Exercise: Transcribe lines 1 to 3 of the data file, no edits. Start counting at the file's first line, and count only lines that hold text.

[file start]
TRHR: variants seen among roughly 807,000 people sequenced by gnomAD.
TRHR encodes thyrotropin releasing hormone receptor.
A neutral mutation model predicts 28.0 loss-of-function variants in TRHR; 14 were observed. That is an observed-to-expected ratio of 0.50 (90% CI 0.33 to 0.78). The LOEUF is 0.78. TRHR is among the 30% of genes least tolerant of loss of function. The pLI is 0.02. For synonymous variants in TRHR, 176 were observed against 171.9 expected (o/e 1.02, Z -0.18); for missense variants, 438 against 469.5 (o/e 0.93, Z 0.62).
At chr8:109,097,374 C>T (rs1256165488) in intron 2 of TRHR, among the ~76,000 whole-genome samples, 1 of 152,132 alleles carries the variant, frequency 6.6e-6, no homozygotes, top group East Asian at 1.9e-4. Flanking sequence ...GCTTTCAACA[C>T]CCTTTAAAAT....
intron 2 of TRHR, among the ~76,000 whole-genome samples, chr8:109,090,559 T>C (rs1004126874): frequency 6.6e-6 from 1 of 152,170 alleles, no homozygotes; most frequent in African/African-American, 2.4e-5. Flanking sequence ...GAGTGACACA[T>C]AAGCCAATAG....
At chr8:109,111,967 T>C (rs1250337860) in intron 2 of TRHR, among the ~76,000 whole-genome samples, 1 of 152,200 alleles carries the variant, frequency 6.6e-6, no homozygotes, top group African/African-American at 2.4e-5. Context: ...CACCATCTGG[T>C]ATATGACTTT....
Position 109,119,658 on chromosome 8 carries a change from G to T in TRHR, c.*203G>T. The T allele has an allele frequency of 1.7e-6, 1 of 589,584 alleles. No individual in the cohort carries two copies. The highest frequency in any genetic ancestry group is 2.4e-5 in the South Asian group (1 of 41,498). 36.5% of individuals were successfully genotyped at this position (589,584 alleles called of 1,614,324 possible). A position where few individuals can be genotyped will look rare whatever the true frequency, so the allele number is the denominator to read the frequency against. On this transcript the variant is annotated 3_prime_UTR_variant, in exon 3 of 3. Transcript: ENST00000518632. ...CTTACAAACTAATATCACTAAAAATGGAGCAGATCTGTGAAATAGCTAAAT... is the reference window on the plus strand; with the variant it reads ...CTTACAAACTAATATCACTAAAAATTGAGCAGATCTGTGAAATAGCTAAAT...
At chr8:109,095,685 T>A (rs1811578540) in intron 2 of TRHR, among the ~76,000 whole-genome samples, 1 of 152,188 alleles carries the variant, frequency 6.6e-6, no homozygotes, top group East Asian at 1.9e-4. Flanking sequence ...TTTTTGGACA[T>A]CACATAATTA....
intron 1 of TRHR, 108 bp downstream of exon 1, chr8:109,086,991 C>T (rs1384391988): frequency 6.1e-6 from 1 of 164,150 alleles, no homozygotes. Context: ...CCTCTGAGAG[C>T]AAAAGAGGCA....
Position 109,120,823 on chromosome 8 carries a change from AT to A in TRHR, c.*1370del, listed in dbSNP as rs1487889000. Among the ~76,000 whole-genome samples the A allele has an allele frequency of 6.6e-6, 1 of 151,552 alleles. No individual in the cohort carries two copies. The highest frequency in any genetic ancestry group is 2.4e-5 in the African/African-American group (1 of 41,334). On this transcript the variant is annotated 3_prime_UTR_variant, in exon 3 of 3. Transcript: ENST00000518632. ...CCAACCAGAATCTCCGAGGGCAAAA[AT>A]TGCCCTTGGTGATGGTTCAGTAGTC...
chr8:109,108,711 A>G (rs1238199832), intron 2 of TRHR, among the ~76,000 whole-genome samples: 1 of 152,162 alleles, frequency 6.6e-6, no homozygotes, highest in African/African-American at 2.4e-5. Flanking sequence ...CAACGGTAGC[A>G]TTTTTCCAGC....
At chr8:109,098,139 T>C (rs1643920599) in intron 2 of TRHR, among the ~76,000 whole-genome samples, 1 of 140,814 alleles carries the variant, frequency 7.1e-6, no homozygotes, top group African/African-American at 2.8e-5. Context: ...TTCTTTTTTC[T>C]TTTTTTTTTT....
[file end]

TRHR: variants seen among roughly 807,000 people sequenced by gnomAD.
TRHR encodes thyrotropin releasing hormone receptor.
A neutral mutation model predicts 28.0 loss-of-function variants in TRHR; 14 were observed. That is an observed-to-expected ratio of 0.50 (90% CI 0.33 to 0.78). The LOEUF is 0.78. TRHR is among the 30% of genes least tolerant of loss of function. The pLI is 0.02. For synonymous variants in TRHR, 176 were observed against 171.9 expected (o/e 1.02, Z -0.18); for missense variants, 438 against 469.5 (o/e 0.93, Z 0.62).